EXMOOR HOLIDAY GROUP


Hello and welcome to the October 2004 seasonal trout and salmon newsletter written by
Andrew Caldwell of Weatherham Farm

From early spring to the end of August Exmoor enjoyed very good sunny weather. To
those living in other parts of the country this may seem a surprising statement. However,
rain during this period did seem to pass by Exmoor, much to the enjoyment of most

Those wishing to fish for salmon have not been so pleased, especially after two previously
dry years, because little rain means little salmon fishing. This is because Exmoor’s two
main rivers, the Exe and the East Lyn, are essentially spate rivers; they need good water
levels to induce salmon runs. Certainly the small amounts of rain in early and mid summer
did provide some short periods of good salmon fishing especially in the Lyn.

Exmoor offers easy and very reasonably priced day permit access to good salmon fishing
(given rain and water!). It also has a wealth of trout fishing in stocked stillwaters and
reservoirs and in streams and rivers for wild brownies and some grayling.

Thankfully for salmon fishers the dry period started to end around late August because
short periods of moderate rain provided short lived good rises in rivers levels and a higher
general flow rate. Several of our holiday guests set out after salmon but had mixed
fortunes. It was a little embarrassing in September when two guests had booked two very
good salmon beats on the River Exe and came back without touching a fish. That wasn’t
so bad and was typical of salmon fishing this September – “all, (or at least several!), or
nothing”! The trouble was that our guest in our other cottage met them next day and said,
“Did you see Andrew’s two lovely fresh fish”. I had caught these on the River Barle on a
friend’s private beat. In fact I caught three; returned one slightly coloured fish, took the next
bright silver blue fresh run fish of 7lbs and had to take the next similar, if smaller, fish
because it was very firmly hooked with the fly and could not be released unharmed. Three
salmon in one day was a red letter day for me.

     A fresh salmon from the Exe                                             The East Lyn in spate

Whilst I have not fished the Lyn this season the reports I’ve heard have suggested that
sport with salmon has been fast and furious several times since June. For those who don’t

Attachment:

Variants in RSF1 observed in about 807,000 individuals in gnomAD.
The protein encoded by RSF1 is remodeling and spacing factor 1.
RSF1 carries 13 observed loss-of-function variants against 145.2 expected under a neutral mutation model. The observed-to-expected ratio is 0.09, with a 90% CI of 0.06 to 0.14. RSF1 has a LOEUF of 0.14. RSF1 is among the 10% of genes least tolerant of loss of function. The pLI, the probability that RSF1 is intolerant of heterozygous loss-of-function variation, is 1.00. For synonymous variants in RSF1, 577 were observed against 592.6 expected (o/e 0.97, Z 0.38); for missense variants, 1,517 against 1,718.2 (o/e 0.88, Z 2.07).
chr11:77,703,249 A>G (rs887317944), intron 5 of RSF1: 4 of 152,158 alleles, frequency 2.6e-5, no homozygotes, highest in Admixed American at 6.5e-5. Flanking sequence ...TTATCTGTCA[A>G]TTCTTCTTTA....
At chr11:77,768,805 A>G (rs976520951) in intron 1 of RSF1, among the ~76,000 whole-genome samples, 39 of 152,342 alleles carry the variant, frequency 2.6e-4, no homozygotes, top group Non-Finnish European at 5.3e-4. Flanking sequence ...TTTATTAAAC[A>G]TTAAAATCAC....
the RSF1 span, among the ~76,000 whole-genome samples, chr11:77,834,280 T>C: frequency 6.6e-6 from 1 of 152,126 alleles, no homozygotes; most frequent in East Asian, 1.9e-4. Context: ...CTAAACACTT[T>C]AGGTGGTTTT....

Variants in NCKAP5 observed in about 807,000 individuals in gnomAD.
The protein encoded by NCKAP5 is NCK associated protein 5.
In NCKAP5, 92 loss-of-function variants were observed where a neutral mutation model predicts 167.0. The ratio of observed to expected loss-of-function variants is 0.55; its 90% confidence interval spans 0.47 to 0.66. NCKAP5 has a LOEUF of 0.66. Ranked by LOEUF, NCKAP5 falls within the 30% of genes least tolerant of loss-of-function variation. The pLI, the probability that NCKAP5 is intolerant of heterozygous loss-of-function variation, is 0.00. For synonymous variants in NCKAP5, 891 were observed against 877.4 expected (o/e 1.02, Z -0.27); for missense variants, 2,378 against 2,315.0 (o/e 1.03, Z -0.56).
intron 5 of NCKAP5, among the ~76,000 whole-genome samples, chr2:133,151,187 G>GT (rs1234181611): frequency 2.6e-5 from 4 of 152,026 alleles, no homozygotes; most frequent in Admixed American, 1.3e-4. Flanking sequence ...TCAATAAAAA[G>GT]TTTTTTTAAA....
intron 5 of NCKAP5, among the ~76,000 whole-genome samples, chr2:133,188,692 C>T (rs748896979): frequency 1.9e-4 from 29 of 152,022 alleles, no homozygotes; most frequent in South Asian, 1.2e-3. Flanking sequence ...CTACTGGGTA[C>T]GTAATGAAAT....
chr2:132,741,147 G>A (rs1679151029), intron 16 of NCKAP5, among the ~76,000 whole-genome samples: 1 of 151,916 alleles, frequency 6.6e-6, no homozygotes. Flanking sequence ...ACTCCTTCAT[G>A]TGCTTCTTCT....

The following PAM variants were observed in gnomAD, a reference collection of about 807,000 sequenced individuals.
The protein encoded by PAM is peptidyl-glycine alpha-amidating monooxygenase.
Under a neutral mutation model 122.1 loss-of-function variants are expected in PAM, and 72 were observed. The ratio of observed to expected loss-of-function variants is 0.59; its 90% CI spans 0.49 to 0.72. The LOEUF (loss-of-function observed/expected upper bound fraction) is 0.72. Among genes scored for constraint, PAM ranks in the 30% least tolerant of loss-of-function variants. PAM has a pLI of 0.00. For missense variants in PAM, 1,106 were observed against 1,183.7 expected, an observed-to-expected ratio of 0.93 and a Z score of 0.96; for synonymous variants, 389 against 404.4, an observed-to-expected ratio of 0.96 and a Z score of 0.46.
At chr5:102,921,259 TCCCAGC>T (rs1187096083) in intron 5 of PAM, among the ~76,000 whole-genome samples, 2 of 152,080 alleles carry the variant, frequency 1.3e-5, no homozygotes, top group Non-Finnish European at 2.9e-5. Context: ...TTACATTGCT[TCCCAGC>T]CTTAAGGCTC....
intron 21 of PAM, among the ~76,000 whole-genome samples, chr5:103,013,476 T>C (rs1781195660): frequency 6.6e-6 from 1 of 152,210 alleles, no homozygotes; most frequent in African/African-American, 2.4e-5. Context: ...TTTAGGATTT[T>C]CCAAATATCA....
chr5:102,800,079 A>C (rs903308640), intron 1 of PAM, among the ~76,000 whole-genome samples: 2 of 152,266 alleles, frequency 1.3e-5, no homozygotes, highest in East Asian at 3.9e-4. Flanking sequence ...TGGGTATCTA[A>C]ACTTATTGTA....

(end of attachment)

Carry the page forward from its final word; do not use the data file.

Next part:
know it this river is dramatic, falling very steeply for its last three or four miles through a

series of rocky cascades – not to be fished by the faint hearted without good studded
waders. It also holds seatrout and some good brown trout – I caught and released a bright
gold, heavily spotted, one of nearly two pounds whilst spinning for salmon last year.
Permits from the Tourist Information Centre in Lynton or two hotels/Inns in
Rockford and Brendon are freely available at about £13.50 per day, (yes, this really
is correct!).

In contrast, the River Exe is gracious rather than turbulent river; excellent fly water.
Permits for it around Dulverton and downstream are available as follows:
through Dulverton Angling Association, to members – (the annual membership this year
was £15 (!!!) and £5 per day for one of the three salmon beats to which it has access, plus
£20 per fish caught, whether taken or returned. Membership is via Patrick Veale of Lance
Nicholson on 01398 323409. He also issues permits for a salmon and trout beat on the
river Barle just below Dulverton.
Exe Valley Fishery at Exebridge issues permits for its own good salmon beat adjacent to
its fun trout fishery for about £30. Contact 01398 323328. If you don’t catch a fish you can
always buy some of their superb home smoked fish or meat – or you can buy this anyway!
The Anchor Inn at Exebridge has one very good pool immediately above the bridge.
Contact 01398 323433 It also serves good beer and good meals and very fair prices.

Many dedicated trout fishermen prefer trout fishing to salmon fishing because they can
always expect to catch something and not be subject to the mysteries of salmon taking
times and moods or the perverse behaviour of the river god, as exemplified by the “all or
nothing” catches this year! Our guests, and of course those staying elsewhere, can choose
between large stillwater fishing on Clatworthy and Wimbleball lakes, (self serve tickets
from the fishing huts), or smaller stillwaters like Exe Valley Fishery – which is a great place
for beginners. I have managed to get several of our guest to catch their fish trout on a fly
there. (£5.50 for a days permit and £3.50 per kilo of fish caught, so not a very high cost
risk for beginners). Or you can go river fishing for wild brownies: Dulverton Angling
Association has three beats on the Little Exe river adjacent to and above Dulverton and
another one on the River Hadeo which is a tributary of the Little Exe going up towards
Wimbleball Lake. I know the Little Exe holds brownies up to 18oz because I have caught
and returned them, but since the fish are truly wild and unstocked they take some
catching! These beats are free to members provided they book the beats with Lance
Nicholson tackle shop (01398 323409).

If you didn’t catch a salmon or good trout this year there is always next year!

With best wishes,
The Exmoor Holiday Group

                                                      A guest’s first trout


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